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Job satisfaction among resident doctors in a tertiary healthcare facility in Northern Nigeria, a cross sectional

Society of Gynaecology and Obstetrics of Nigeria (SOGON)
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  • Biology
  • Chemistry
  • Ecology
  • Economics
  • Medicine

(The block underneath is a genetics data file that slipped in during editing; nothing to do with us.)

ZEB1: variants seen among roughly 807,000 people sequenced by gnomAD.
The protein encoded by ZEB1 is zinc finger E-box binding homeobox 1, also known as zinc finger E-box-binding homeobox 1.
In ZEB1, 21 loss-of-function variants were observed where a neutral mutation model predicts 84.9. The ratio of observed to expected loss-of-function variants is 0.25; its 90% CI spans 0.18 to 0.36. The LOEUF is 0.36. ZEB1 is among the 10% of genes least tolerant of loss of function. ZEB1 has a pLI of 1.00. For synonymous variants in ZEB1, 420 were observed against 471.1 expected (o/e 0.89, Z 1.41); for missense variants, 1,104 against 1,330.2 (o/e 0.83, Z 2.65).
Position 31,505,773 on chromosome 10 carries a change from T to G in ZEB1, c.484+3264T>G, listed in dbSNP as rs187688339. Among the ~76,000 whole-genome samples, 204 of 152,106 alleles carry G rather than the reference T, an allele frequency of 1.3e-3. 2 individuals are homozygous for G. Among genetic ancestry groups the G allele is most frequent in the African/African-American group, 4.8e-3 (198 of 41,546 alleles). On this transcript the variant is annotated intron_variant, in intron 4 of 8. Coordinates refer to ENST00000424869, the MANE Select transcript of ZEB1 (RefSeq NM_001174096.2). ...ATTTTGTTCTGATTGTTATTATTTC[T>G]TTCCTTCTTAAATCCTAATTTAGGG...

Background: Over the past few years the number of doctors choosing to work abroad or in non-medical professions has been growing. Among those doctors who have remained in the workforce, there is a similar dissatisfaction, reflected in part by a general strike in 2010 by Nigerian doctors especially Association of Resident Doctors (ARD) in favour of higher wages and better working conditions. Job demands and workload of hospital doctors are increasing.The aim of this paper is to assess job satisfaction among junior and senior resident doctors of different specialties in Aminu Kano Teaching Hospital (AKTH) and to compare the level of satisfaction between these two groups of professionals with the purpose of making recommendation for improvement to health human resource managers.Method: This was a cross- sectional study that involved 150 resident doctors of different cadre and specialization between 1st December, 2011 and 28th January, 2012. The questionnaire was used to assess the socio-demographic information of the respondents, job satisfaction and work related conditions.Result: Most of the doctors (41.3%) were aged 31-35 years. The mean age of junior residents was 32.6±3.7 years, while that of senior residents were 35±4 years. This differences was not statistically significant (p=0.094).Most resident doctors (64.2%) worked for 7-9hours daily. All doctors worked for average duration of 9.4±2.6 hours. Junior residents worked for mean duration of 9±2.3 hours while senior residents worked for 9.1±3.2 hours. This was not statistically significant p=0.075. Most of the resident doctors (56.7%) had been in the service of the hospital for 1-3 years. The mean duration of service was 3.5±2.1. Most of the doctors (78%) had 7-9 dependents. The average number of dependents for junior residents was 4±3, while for senior residents was 6±2 and this was statistically significant (p=0.03). The mean number of dependents was 5±3. Most doctors (60%) had their last promotion less 1 year prior to the study with mean of 0.9±0.9years.80.1% of doctors were satisfied with their job, 17.3% were undecided and 5.2% were dissatisfied. More senior residents (82.2%) felt satisfied with their jobs than junior residents (77.9%) and this was statistically significant, p=0.035.Job satisfaction among doctors was more among those who were aged 41-45(100%) but there was a very weak positive correlation (r=0.21) between age and job satisfaction. Job satisfaction was more in those who have worked for at least 4 years with a weak positive coefficient of correlation (r=0.28).Length of service correlates more with job satisfaction than any other factors among doctors.Job satisfaction was highest among resident doctors in chemical pathology and radiology and lowest among resident doctors in obstetrics and gynaecology.Increase in manpower employment by management so as to reduce work hour per day may improve satisfaction among obstetrics and gynaecology residents.Conclusion: Job satisfaction among the doctors in this study was higher when compared with other studies within Nigeria and other developing countries. However, Job satisfaction may increase if physicians experienced more opportunities to advance their careers, team spirit, and better supervision.Keywords: Job Satisfaction, Dissatisfaction, Resident Doctors, Tertiary Healthcare, Northern Nigeria, Cross Sectional SurveyTrop J Obstet Gynaecol, 30 (1), April 2013

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